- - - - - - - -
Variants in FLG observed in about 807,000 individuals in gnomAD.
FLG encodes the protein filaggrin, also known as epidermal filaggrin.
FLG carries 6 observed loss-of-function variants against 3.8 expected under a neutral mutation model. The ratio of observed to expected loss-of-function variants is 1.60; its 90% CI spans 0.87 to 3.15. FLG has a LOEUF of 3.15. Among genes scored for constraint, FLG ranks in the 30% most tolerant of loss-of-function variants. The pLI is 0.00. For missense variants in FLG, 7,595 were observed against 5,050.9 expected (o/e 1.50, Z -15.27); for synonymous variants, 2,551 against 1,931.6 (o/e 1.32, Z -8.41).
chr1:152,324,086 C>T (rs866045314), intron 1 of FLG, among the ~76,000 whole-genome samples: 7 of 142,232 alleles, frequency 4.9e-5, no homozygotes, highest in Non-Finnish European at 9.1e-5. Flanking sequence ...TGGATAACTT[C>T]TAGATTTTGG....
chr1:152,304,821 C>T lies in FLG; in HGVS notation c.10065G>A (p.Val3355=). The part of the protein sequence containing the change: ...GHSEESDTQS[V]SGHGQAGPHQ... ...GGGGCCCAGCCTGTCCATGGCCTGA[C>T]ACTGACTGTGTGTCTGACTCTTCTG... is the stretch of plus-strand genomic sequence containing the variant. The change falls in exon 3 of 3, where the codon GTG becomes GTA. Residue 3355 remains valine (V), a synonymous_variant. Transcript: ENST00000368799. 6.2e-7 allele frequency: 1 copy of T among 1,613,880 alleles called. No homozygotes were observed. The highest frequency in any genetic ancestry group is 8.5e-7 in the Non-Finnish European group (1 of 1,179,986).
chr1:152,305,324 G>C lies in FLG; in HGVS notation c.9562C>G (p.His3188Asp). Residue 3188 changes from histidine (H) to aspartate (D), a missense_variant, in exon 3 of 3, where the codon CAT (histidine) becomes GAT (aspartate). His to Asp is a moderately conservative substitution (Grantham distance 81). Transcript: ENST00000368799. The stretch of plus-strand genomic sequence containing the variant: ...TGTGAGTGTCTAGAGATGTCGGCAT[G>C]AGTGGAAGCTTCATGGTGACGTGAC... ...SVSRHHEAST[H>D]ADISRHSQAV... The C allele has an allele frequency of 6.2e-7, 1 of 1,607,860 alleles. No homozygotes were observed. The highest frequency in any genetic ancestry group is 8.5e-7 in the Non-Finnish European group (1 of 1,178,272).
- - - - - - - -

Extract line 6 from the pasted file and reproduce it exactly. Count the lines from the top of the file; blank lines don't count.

chr1:152,305,324 G>C lies in FLG; in HGVS notation c.9562C>G (p.His3188Asp). Residue 3188 changes from histidine (H) to aspartate (D), a missense_variant, in exon 3 of 3, where the codon CAT (histidine) becomes GAT (aspartate). His to Asp is a moderately conservative substitution (Grantham distance 81). Transcript: ENST00000368799. The stretch of plus-strand genomic sequence containing the variant: ...TGTGAGTGTCTAGAGATGTCGGCAT[G>C]AGTGGAAGCTTCATGGTGACGTGAC... ...SVSRHHEAST[H>D]ADISRHSQAV... The C allele has an allele frequency of 6.2e-7, 1 of 1,607,860 alleles. No homozygotes were observed. The highest frequency in any genetic ancestry group is 8.5e-7 in the Non-Finnish European group (1 of 1,178,272).